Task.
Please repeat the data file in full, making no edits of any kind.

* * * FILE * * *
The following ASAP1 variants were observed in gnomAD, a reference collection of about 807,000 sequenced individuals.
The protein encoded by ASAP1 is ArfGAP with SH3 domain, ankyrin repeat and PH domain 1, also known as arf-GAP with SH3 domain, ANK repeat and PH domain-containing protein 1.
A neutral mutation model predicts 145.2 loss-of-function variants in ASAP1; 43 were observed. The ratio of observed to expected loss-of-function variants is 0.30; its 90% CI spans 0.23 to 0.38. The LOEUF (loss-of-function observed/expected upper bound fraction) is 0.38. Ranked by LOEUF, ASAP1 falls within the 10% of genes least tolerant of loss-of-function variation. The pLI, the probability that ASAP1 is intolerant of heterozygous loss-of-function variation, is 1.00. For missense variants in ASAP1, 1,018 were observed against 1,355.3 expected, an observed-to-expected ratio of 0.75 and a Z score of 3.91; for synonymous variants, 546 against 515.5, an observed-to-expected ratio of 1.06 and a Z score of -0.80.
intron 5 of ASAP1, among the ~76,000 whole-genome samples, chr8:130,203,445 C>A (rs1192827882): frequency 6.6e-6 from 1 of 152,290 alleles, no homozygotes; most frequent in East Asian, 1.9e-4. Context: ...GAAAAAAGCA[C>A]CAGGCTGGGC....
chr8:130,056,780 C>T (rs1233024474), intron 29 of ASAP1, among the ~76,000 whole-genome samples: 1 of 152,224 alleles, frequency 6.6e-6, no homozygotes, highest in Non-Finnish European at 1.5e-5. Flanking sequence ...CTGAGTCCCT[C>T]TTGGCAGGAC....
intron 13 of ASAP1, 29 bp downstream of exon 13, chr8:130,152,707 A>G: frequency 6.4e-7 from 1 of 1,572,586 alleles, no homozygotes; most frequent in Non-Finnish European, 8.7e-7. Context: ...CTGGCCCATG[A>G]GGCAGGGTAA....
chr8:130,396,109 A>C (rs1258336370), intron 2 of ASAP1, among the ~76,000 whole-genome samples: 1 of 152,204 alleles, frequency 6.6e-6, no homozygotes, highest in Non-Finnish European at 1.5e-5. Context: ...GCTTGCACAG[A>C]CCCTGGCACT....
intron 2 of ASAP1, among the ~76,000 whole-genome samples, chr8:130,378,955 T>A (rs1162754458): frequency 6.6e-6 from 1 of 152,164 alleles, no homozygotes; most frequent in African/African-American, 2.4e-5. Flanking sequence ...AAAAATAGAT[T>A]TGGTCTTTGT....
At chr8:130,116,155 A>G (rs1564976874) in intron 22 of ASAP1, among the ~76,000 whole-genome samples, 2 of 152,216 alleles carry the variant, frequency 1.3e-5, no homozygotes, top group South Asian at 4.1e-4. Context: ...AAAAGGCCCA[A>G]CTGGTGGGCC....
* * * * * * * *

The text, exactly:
The following ASAP1 variants were observed in gnomAD, a reference collection of about 807,000 sequenced individuals.
The protein encoded by ASAP1 is ArfGAP with SH3 domain, ankyrin repeat and PH domain 1, also known as arf-GAP with SH3 domain, ANK repeat and PH domain-containing protein 1.
A neutral mutation model predicts 145.2 loss-of-function variants in ASAP1; 43 were observed. The ratio of observed to expected loss-of-function variants is 0.30; its 90% CI spans 0.23 to 0.38. The LOEUF (loss-of-function observed/expected upper bound fraction) is 0.38. Ranked by LOEUF, ASAP1 falls within the 10% of genes least tolerant of loss-of-function variation. The pLI, the probability that ASAP1 is intolerant of heterozygous loss-of-function variation, is 1.00. For missense variants in ASAP1, 1,018 were observed against 1,355.3 expected, an observed-to-expected ratio of 0.75 and a Z score of 3.91; for synonymous variants, 546 against 515.5, an observed-to-expected ratio of 1.06 and a Z score of -0.80.
intron 5 of ASAP1, among the ~76,000 whole-genome samples, chr8:130,203,445 C>A (rs1192827882): frequency 6.6e-6 from 1 of 152,290 alleles, no homozygotes; most frequent in East Asian, 1.9e-4. Context: ...GAAAAAAGCA[C>A]CAGGCTGGGC....
chr8:130,056,780 C>T (rs1233024474), intron 29 of ASAP1, among the ~76,000 whole-genome samples: 1 of 152,224 alleles, frequency 6.6e-6, no homozygotes, highest in Non-Finnish European at 1.5e-5. Flanking sequence ...CTGAGTCCCT[C>T]TTGGCAGGAC....
intron 13 of ASAP1, 29 bp downstream of exon 13, chr8:130,152,707 A>G: frequency 6.4e-7 from 1 of 1,572,586 alleles, no homozygotes; most frequent in Non-Finnish European, 8.7e-7. Context: ...CTGGCCCATG[A>G]GGCAGGGTAA....
chr8:130,396,109 A>C (rs1258336370), intron 2 of ASAP1, among the ~76,000 whole-genome samples: 1 of 152,204 alleles, frequency 6.6e-6, no homozygotes, highest in Non-Finnish European at 1.5e-5. Context: ...GCTTGCACAG[A>C]CCCTGGCACT....
intron 2 of ASAP1, among the ~76,000 whole-genome samples, chr8:130,378,955 T>A (rs1162754458): frequency 6.6e-6 from 1 of 152,164 alleles, no homozygotes; most frequent in African/African-American, 2.4e-5. Flanking sequence ...AAAAATAGAT[T>A]TGGTCTTTGT....
At chr8:130,116,155 A>G (rs1564976874) in intron 22 of ASAP1, among the ~76,000 whole-genome samples, 2 of 152,216 alleles carry the variant, frequency 1.3e-5, no homozygotes, top group South Asian at 4.1e-4. Context: ...AAAAGGCCCA[A>G]CTGGTGGGCC....